This week in the Virginia Cavaliers’ big 27-3 win over the Louisville Cardinals gave Wahoo fans just about everything they were hoping to see to instill a little bit of confidence as the Hoos open up ACC play and head into a treacherous stretch in the coming weeks. And while some things went really, really well, it still wasn’t quite a perfect game. So here’s what we saw go well and go not well.
What Went Well
Oh, I don’t know...the motherflippin defense?
Goodness gracious did the D come to play Saturday. Certainly there were some outstanding individual efforts (Charles Snowden, Juan Thornhill, Zane Zandier, I could go on) — but this whole unit deserves recognition for the smackdown they laid on the Cardinals. Virginia held Louisville’s two quarterbacks to QBRs of 10.9 and 14.4, to a total of 148 yards passing, and only 66 yards on the ground. It was a completely dominant performance, including forcing multiple turnovers, 4th down stops, and an ABSOLUTELY HUGE goal line stand as a response to the Hoos’ one major mistake. The defensive line got consistent pressure (leading to those turnovers), the secondary made some excellent plays, and regularly Virginia defenders were able to make important tackles on first contact.
The game was impressive statistically, of course, but in terms of the eye-test, I couldn’t have walked away more impressed. UVa looked like the dominant team — particularly on that side of the ball — and I think as fans, we truly saw the best example of the results of Bronco’s program building in year three. Charles Snowden was a three-star .8246 composite on 247 out of high school, enrolled early in 2017, and played in nine games as a freshman. Now as a sophomore, the relatively unheralded recruit looked like the most dominant player on the field yesterday. He fits perfectly into what Bronco is looking for in an OLB, made huge plays in both pass coverage and in rushing, and served as one of the clear examples on the field of Bronco’s system succeeding here in Charlottesville.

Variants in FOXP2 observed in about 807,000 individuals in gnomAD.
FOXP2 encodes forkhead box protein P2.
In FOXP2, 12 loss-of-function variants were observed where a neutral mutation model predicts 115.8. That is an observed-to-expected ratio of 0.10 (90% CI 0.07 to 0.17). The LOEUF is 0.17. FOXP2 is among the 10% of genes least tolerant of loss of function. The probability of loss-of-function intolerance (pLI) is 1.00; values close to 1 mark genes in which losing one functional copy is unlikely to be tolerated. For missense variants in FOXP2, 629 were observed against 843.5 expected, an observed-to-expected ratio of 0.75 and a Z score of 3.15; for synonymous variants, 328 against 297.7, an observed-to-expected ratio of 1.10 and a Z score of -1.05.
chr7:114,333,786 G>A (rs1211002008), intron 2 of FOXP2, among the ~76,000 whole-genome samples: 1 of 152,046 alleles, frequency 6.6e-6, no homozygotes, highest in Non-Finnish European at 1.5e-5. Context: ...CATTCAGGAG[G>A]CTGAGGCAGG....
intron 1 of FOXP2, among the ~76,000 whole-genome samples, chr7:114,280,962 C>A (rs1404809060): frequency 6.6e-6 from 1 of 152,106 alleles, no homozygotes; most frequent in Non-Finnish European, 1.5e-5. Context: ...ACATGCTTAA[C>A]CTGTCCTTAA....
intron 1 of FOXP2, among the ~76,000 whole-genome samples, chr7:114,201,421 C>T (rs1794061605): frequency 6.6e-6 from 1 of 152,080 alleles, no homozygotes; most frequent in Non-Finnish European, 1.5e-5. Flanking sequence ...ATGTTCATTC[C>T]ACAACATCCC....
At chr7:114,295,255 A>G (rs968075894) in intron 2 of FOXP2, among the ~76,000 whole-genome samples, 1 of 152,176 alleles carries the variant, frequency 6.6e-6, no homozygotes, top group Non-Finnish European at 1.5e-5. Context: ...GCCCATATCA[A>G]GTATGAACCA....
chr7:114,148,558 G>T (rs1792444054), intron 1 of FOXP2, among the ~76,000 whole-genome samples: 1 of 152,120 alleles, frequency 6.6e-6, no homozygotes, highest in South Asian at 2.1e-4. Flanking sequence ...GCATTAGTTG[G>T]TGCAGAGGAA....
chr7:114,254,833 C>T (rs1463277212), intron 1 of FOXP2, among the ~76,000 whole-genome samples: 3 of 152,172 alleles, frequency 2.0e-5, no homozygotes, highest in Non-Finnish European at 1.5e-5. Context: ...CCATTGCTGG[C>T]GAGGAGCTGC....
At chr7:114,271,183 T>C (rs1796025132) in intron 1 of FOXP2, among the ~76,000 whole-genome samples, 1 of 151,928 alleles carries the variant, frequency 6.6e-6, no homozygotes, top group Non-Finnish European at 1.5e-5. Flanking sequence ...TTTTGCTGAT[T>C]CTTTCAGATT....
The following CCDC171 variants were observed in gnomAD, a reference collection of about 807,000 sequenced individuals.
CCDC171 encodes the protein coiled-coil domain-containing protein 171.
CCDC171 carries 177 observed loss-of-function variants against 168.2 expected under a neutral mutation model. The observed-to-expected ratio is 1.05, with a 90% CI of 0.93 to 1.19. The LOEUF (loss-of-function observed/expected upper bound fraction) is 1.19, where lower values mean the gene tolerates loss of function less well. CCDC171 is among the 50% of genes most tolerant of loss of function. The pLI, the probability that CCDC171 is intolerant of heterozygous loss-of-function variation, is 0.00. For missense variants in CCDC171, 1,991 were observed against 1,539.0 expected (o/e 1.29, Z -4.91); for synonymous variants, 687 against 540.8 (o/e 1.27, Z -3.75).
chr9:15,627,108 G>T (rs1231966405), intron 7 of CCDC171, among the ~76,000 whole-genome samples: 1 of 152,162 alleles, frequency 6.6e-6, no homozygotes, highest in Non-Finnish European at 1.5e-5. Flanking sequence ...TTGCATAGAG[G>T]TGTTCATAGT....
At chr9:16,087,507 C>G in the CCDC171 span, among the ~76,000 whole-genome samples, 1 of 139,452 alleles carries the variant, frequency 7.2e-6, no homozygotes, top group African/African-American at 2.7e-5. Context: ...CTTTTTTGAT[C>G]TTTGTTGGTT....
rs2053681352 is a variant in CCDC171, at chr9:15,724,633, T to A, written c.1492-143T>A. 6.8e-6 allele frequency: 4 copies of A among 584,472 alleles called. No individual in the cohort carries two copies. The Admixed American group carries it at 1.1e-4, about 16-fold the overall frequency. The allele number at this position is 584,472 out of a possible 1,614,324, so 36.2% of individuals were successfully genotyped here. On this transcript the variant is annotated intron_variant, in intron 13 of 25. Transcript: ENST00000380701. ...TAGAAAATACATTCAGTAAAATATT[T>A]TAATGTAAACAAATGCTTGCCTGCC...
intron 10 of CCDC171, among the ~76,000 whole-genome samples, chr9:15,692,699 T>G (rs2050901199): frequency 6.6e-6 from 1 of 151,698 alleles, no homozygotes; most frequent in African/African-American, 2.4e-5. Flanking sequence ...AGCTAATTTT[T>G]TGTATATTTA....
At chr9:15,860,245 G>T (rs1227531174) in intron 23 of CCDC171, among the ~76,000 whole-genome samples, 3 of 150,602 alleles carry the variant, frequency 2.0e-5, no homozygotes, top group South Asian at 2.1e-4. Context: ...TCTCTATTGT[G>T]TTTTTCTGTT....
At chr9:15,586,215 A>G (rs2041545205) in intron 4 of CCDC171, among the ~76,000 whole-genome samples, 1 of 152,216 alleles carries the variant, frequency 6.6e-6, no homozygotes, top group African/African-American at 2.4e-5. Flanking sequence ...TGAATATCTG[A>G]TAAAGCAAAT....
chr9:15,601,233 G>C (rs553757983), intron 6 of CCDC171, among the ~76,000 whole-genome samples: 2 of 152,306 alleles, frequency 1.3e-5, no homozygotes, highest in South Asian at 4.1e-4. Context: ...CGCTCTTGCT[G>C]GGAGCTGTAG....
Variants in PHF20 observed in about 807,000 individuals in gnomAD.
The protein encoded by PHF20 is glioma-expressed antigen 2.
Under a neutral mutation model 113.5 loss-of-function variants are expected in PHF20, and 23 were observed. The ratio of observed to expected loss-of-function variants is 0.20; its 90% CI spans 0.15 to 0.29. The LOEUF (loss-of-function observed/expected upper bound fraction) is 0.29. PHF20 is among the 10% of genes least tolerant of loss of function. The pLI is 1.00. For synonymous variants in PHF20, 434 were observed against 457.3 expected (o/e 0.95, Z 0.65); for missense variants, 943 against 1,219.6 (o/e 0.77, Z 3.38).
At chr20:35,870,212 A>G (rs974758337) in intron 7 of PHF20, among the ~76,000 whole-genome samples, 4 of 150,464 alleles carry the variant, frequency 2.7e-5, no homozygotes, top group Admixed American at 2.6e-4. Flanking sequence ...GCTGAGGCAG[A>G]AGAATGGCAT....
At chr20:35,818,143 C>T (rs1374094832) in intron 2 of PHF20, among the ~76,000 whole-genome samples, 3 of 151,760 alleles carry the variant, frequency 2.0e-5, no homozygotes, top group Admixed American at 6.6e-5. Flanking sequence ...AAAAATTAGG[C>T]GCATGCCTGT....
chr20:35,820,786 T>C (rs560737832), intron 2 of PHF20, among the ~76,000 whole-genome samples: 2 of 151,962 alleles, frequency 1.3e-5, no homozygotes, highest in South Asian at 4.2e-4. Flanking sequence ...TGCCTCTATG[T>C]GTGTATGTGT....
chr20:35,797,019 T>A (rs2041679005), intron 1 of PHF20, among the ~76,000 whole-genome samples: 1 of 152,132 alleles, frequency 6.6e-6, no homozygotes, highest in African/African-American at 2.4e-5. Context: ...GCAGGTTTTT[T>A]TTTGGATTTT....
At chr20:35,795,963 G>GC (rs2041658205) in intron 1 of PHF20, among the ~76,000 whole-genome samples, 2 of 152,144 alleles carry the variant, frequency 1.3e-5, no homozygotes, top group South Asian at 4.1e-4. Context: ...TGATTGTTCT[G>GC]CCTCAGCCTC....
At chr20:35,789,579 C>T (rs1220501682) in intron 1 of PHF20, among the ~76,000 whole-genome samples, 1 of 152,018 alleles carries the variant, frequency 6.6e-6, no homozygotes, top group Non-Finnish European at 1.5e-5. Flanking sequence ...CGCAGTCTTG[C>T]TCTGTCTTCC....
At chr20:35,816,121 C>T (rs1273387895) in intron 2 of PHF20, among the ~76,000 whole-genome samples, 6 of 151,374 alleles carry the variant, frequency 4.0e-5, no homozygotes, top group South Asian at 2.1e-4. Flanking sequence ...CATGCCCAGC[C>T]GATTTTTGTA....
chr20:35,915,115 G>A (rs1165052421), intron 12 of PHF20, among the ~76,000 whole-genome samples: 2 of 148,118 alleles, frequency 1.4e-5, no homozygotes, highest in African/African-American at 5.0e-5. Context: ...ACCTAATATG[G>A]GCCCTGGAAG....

Has anyone used that yet? Dibs if not.
Virginia quarterback Bryce Perkins was excellent overall against Louisville, when it was clear that Coach Bobby Petrino’s team was focused on stopping Jordan Ellis (and did so to a light-to-moderate level of success). He rushed for 78 yards, threw for 197 and two scores, and while he made a few mistakes including a poor throw/tipped INT - he responded with buckets of exceptional plays. Obviously hurdling two defenders is pretty exceptional, but the most impressive play for me Saturday was his touchdown pass to Joe Reed. Following a conversion to Hasise Dubois on third and long in the third quarter, the UVa offense seemed to have stalled on the Louisville side of the field (keeping in line with the frustrations for the offense in the first half). On first and second down, Perkins was bottled up for losses of two yards and the Hoos were looking at 3rd and 14 on the bad guy’s 44. Whereas most UVa teams of yore would have stalled in such a situation, Perkins responded to his mistake earlier in the quarter on third and long with the strike to Reed.
The touchdown made the score 20-3 and completely deflated the visiting team. If the Hoos end up punting in that situation, Louisville gets the ball back again only down ten and have plenty of momentum and opportunity to come back in the game. Instead, UVa’s leader makes a huge play and a huge statement: Virginia was going to win the game — and probably in dominant fashion. These types of plays, like the hurdles, invigorate the fans and players and really continue give us a glimpse of what this team can accomplish when they’re performing at their best.
What Didn’t Went Well
Special teams...wasn’t perfect?
Our Didn’t Went Wells are always going to sound a little too nitpicky after wins, but particularly after such dominating performances as yesterdays. I’m struggling here to come up with anything to feel down about. There were a couple of bumps in the road throughout the game; the biggest one was probably Perkins’ high throw (and a catch that Olamide Zaccheaus could still be expected to make) that lead to the one interception, but I feel the only real hand-wringing could be directed at the special teams. A.J. Mejia missed another field goal, but the coaching staff decided to switch in Hunter Pearson who proceeded to go 2-for-2 on FGs and 3-for-3 on extra points after touchdowns. Punt and kick coverage were totally fine...and the punt and kick returns were pretty light? While neither Joe Reed or Chuck Davis were able to produce much in the return game, they also avoided any errors. This absolutely a passing performance for the special teams unit - but we’ll consider it an example of a Didn’t Went as Well as Everything Else.